My wife has always maintained a sizable savings account, but having extra cash is new to me. Until recently, I had always lived paycheck-to-paycheck, often treading close to a zero dollar balance in my checkbook for months at a time. Now, though, I’ve not only established an emergency account, but set up a couple of targeted accounts as well. (One is for vacations, and the other is for a new car.)

My method works for me, but others have different approaches. In her book Debt-Proof Living, author Mary Hunt suggests a sort of “emergency fund plus“. Often when people struggle with money, she says, it’s not the predictable monthly bills that are the problem. People cannot cope with the unexpected things — not just emergencies (like a severe illness), but irregular expenses like auto maintenance, wedding and birthday gifts, or a new pair of shoes.

To deal with all of life’s surprises, Hunt recommends a Freedom Account. Here’s how it works:

  1. Determine your irregular, unexpected, and intermittent expenses. Because the past provides a good indication of the future, look at your records for the past year or two. Make a list of your expenses that don’t occur on a monthly basis. Divide them into broad categories and calculate our approximate monthly spending on each.
  2. Open a second checking account. Most of the tactics we discuss at Get Rich Slowly involve multiple savings accounts. Hunt advocates opening a second checking account to act as a Freedom Account. She further warns that “under no circumstances should you accept overdraft protection, ATM privileges, or a debit card for your Freedom Account”. This account is not for daily use.
  3. Authorize an automatic deposit. When you open your Freedom Account, instruct the bank to schedule an automatic deposit from an existing account based on the average monthly total of your irregular expenses. Pick a day of the month that works based on your cash flow. For me it’s best to have automatic transactions occur soon after I get paid.
  4. Start a logbook. “As far as the bank is concerned, you have a second checking account,” Hunt writes. “But you are going to treat your new Freedom Account as a collection of sub-accounts.” To do this, take the list of irregular expenses you created earlier and start a page for each category. For example, you might have pages for clothing, vacation, property taxes, and auto maintenance. Each month when the automatic deposit is made into your Freedom Account, you will divide that among the sub-accounts in your logbook. For example, if you transfer $200/month to your Freedom Account, you might manually add $25 to vacation, $25 to clothing, $100 to property taxes, and $50 to auto maintenance.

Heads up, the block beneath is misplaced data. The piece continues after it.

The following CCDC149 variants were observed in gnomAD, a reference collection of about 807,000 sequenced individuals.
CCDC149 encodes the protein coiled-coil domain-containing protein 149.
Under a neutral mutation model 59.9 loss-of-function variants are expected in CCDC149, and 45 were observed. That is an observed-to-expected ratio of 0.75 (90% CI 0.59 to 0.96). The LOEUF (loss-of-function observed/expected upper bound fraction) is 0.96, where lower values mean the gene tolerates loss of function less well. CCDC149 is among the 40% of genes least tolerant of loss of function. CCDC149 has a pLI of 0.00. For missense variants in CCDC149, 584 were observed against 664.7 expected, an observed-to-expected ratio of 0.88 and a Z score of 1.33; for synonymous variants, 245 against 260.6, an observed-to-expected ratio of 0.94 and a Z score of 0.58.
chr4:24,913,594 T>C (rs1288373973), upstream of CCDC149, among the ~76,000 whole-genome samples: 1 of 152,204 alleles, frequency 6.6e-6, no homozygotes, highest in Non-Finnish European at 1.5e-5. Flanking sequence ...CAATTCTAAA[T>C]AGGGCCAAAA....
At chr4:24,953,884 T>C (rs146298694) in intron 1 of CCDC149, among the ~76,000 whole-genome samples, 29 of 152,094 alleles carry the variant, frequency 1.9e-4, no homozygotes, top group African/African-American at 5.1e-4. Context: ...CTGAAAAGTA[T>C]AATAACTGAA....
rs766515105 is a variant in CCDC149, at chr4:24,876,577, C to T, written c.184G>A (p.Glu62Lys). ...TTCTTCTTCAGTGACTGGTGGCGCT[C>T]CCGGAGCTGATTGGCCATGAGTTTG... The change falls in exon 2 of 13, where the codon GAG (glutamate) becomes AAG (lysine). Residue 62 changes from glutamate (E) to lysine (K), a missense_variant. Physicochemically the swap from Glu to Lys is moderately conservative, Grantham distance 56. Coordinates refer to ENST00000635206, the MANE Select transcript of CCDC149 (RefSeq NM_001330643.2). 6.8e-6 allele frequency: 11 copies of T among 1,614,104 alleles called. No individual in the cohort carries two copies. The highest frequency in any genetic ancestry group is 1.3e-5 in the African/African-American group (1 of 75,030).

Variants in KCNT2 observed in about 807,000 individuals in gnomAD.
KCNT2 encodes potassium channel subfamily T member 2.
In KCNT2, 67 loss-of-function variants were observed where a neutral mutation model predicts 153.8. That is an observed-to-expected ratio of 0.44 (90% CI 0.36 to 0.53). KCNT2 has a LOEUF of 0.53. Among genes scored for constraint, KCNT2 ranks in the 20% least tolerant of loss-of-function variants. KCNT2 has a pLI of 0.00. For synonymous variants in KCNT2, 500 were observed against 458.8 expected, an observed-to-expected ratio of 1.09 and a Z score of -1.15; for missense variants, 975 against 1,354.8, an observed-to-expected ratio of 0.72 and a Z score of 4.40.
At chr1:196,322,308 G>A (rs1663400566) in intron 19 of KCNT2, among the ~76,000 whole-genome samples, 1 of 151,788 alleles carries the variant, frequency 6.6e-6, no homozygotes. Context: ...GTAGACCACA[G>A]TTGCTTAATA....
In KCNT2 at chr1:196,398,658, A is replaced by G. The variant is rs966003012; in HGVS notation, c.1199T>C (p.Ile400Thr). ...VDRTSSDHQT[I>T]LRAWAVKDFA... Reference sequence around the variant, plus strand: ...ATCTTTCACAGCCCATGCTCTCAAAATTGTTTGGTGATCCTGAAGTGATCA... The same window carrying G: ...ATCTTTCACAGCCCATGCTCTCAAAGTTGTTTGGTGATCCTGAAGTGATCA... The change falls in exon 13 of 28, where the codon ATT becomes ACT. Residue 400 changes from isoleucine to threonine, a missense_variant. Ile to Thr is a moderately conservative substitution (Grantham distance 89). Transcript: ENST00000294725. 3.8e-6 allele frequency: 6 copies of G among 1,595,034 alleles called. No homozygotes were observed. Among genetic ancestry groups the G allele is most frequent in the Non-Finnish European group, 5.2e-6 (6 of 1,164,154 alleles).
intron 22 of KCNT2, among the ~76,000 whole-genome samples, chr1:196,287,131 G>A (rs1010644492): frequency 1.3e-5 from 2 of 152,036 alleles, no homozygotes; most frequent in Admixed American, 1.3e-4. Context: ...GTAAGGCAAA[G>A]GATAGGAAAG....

5. Make a deposit every month. “This is going to feel weird in the beginning,” Hunt says. She’s right. It felt strange to me when I began to keep sub-accounts at my credit union, but now it’s second nature. I like having my money divided based on its intended use. With your Freedom Account, you’ll be transferring from your primary checking account to a secondary checking account on a specific date each month. Then you’ll further divide your money by hand in your logbook. It sounds like a lot of work, but it’s really not.

Hunt notes that Freedom Accounts can be a great marital aid. By giving each partner a Freedom Account, both spouses can have their own pool of money to budget independently.

This sounds like a viable alternative to a standard emergency fund. I don’t plan to implement a Freedom Account for myself — I like my current system — but it’s something I would have considered during the three years I was working to pay off my debt.

Addendum: Several readers have noted that Hunt’s method is a little outdated. A modern way to do this would be to open an account at ING Direct. Because ING Direct allows you to create multiple accounts at no cost, you can have one for each of category.